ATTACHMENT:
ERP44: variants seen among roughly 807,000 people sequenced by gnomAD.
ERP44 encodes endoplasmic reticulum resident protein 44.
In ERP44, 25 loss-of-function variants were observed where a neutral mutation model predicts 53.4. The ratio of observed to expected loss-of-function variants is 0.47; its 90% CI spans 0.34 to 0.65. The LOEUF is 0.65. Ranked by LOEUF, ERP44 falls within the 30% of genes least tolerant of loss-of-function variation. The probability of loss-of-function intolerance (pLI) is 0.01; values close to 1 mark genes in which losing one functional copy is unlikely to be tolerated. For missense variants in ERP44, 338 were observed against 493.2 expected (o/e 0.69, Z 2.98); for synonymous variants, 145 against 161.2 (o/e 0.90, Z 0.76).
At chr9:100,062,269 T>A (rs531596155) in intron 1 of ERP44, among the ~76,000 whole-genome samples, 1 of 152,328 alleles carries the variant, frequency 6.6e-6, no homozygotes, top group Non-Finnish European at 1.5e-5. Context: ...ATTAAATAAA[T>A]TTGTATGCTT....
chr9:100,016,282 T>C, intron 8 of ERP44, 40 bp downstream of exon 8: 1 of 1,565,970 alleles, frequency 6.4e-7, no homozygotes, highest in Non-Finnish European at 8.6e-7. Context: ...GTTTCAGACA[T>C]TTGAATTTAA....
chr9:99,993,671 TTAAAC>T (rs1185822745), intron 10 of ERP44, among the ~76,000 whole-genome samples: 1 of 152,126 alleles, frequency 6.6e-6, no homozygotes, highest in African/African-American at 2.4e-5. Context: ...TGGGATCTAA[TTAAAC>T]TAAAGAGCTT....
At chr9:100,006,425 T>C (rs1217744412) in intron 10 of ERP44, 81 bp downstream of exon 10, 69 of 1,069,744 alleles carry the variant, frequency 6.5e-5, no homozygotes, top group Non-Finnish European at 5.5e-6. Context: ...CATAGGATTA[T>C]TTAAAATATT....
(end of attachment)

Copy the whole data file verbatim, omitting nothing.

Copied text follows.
ERP44: variants seen among roughly 807,000 people sequenced by gnomAD.
ERP44 encodes endoplasmic reticulum resident protein 44.
In ERP44, 25 loss-of-function variants were observed where a neutral mutation model predicts 53.4. The ratio of observed to expected loss-of-function variants is 0.47; its 90% CI spans 0.34 to 0.65. The LOEUF is 0.65. Ranked by LOEUF, ERP44 falls within the 30% of genes least tolerant of loss-of-function variation. The probability of loss-of-function intolerance (pLI) is 0.01; values close to 1 mark genes in which losing one functional copy is unlikely to be tolerated. For missense variants in ERP44, 338 were observed against 493.2 expected (o/e 0.69, Z 2.98); for synonymous variants, 145 against 161.2 (o/e 0.90, Z 0.76).
At chr9:100,062,269 T>A (rs531596155) in intron 1 of ERP44, among the ~76,000 whole-genome samples, 1 of 152,328 alleles carries the variant, frequency 6.6e-6, no homozygotes, top group Non-Finnish European at 1.5e-5. Context: ...ATTAAATAAA[T>A]TTGTATGCTT....
chr9:100,016,282 T>C, intron 8 of ERP44, 40 bp downstream of exon 8: 1 of 1,565,970 alleles, frequency 6.4e-7, no homozygotes, highest in Non-Finnish European at 8.6e-7. Context: ...GTTTCAGACA[T>C]TTGAATTTAA....
chr9:99,993,671 TTAAAC>T (rs1185822745), intron 10 of ERP44, among the ~76,000 whole-genome samples: 1 of 152,126 alleles, frequency 6.6e-6, no homozygotes, highest in African/African-American at 2.4e-5. Context: ...TGGGATCTAA[TTAAAC>T]TAAAGAGCTT....
At chr9:100,006,425 T>C (rs1217744412) in intron 10 of ERP44, 81 bp downstream of exon 10, 69 of 1,069,744 alleles carry the variant, frequency 6.5e-5, no homozygotes, top group Non-Finnish European at 5.5e-6. Context: ...CATAGGATTA[T>C]TTAAAATATT....